TiO 45 – The Story – God’s Messengers

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The Main Idea

With the Kingdom of Israel divided in two and most of the kings rebelling against God, the narrative turns to the spokesmen of God, the prophets. It is their words and their story that will be heard through to the end of chapter 21 (the Old Testament). In chapter 15, we hear the story of Elijah and Elisha, prophets of God.

Warm Up Questions: (Choose 1 or 2)

Q1: How Is the word “prophet” used in society today?

Q2: Do you know of anyone in modern times who was/is considered a prophet (the label does not have to be accurate in order to be applied to people)? Who is it and why does he or she get that label?

Q3: Do you think that there are still prophets in the church today? Why or why not?

Q4: Elijah was one of two people in the Bible who we are specifically told did not die. Who was the other? (hint: Genesis). 

Dig a Little Deeper

With the Kings of Israel and Judah following their own path God takes a more subversive approach to speaking to the nation of Israel and to leading: he raises up prophets. Prophets, the mouthpieces of God who call people back to God. It is not that in the time of the divided kingdom prophets are a new thing. We have been hearing about prophets since Moses, who spoke to the Pharaoh of Egypt and the people of Israel on behalf of God. And in the more recent history of Israel we heard of the prophet Nathan who set David back on the proper path after David sinned with Bathsheba. But now we see the prophets rise as the true champions of the people and the true voice of God. They do not conquer with military force but with the truth and by the power of God.

As a bit of background to the stories in chapter 15 here are some things to keep In mind:

1) The focus of Chapter 15 is on the Kingdom of Israel which, at the beginning of the chapter is being ruled by Ahab and his wife Jezebel

2) Abandoning the true God (Yahweh) always means embracing another deity. In the case of Ahab, that was Baal. Baal was a term meaning “the Lord” and had been applied to a variety of deities, but this was probably Hadad, the god of the Canaanites.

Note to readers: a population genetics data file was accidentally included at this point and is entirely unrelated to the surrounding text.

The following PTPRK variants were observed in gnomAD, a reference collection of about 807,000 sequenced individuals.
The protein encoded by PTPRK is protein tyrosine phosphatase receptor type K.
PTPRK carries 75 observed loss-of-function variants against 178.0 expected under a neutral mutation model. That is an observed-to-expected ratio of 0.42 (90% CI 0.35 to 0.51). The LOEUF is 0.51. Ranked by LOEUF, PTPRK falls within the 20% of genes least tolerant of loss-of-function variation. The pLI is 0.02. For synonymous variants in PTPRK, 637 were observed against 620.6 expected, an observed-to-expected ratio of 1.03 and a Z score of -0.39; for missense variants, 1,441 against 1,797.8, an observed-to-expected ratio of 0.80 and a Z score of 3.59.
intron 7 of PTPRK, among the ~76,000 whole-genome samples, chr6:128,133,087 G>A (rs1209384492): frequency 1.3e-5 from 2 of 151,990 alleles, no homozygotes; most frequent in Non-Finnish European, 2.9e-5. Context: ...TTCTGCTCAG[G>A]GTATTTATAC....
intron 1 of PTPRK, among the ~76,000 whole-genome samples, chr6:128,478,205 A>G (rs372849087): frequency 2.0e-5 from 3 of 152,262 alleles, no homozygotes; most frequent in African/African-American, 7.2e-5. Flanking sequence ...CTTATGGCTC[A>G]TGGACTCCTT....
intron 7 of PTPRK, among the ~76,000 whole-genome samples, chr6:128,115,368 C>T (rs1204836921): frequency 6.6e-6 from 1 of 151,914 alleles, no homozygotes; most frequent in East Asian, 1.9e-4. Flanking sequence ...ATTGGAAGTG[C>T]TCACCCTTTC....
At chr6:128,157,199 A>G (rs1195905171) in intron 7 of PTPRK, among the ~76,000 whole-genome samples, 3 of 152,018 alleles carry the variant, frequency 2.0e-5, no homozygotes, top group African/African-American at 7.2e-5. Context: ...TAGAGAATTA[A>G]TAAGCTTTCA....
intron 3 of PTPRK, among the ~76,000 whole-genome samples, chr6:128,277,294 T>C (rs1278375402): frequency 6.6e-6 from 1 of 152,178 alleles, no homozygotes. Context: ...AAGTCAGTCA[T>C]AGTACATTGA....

3) We are still in a time in history where even monotheistic cultures, like the people of Israel, believed that the gods of the other nations were real, just less powerful than theirs. So, the idea that Baal could answer when called upon was not seen as a ridiculous notion, perhaps not even to Elijah.

Introduction (pp. 203)

“Now Elijah the Tishbite, from Tishbe in Giliad, said to Ahab, ‘As the LORD, the God of Israel, lives, whom I serve, there will be neither dew nor rain In the next few years except at my word.’’

That is quite an introduction to Elijah. We know nearly nothing about him and have heard nothing from this prophet before these words are written. And then, BOOM, he shows up, tells the king that there will be a drought and then goes to hide in the wilderness, fed by ravens, for three years.

Act 1: Elijah and the Prophets of Baal (pp. 203-206)

“Elijah went before the people and said, ‘How long will you waver between two opinions? If the LORD is God, follow him; but if Baal is God, follow him.’”

Elijah issued a challenge: prepare an altar and then call on your God. Baal did not answer but God did and all of the false prophets were killed. Ahab the King remained unconvinced and unrepentant.

Act 2: Elijah Meets with God (pp. 206-207)

“Then a voice said to [Elijah], ‘What are you doing here, Elijah?’

“[Elijah] replied, ‘… I am the only one left, and now they are trying to kill me too.’”

“The LORD said to him, ‘… Yet I reserve seven thousand in Israel—all whose knees have not bowed down to Baal and whose mouths have not kissed him.’”

Elated at his win over the prophets of Baal but terrified of retaliation from Jezebel, the wife of Ahab, Elijah runs into the wilderness. There he calls on God to kill him. But God revives Elijah and they have a conversation and Elijah is given instructions about the end of his life: delegate your responsibilities to others, you are not alone.

Act 3: The Transition to Elisha (pp. 207-209)

“Elijah went up to [Elisha] and threw his cloak around him.”

God had told Elijah to anoint Elisha to take over the job as God’s prophet and so Elijah gave his cloak to Elisha as a sign. Elisha left everything and followed Elijah who was soon swept up in a whirlwind with a chariot of fire and horses. At that time Elisha was recognized as the successor to Elijah in the role of the prophet of God.

Act 4: Elisha and the Shunamite Woman (pp. 209-211)

“When Elisha reached the house, there was the boy lying dead on his couch. He went in, shut the door on the two of them and prayed to the LORD … The boy sneezed seven times and opened his eyes.”

Elisha struck up a friendship with a Shunamite woman who became his patron, offering him food and lodging whenever he was In town. She had been unable to have children and Elisha prayed for her and she had a son. When the son died of an illness, she called for Elijah who, in turn, called on God to heal the child and he was brought back to life.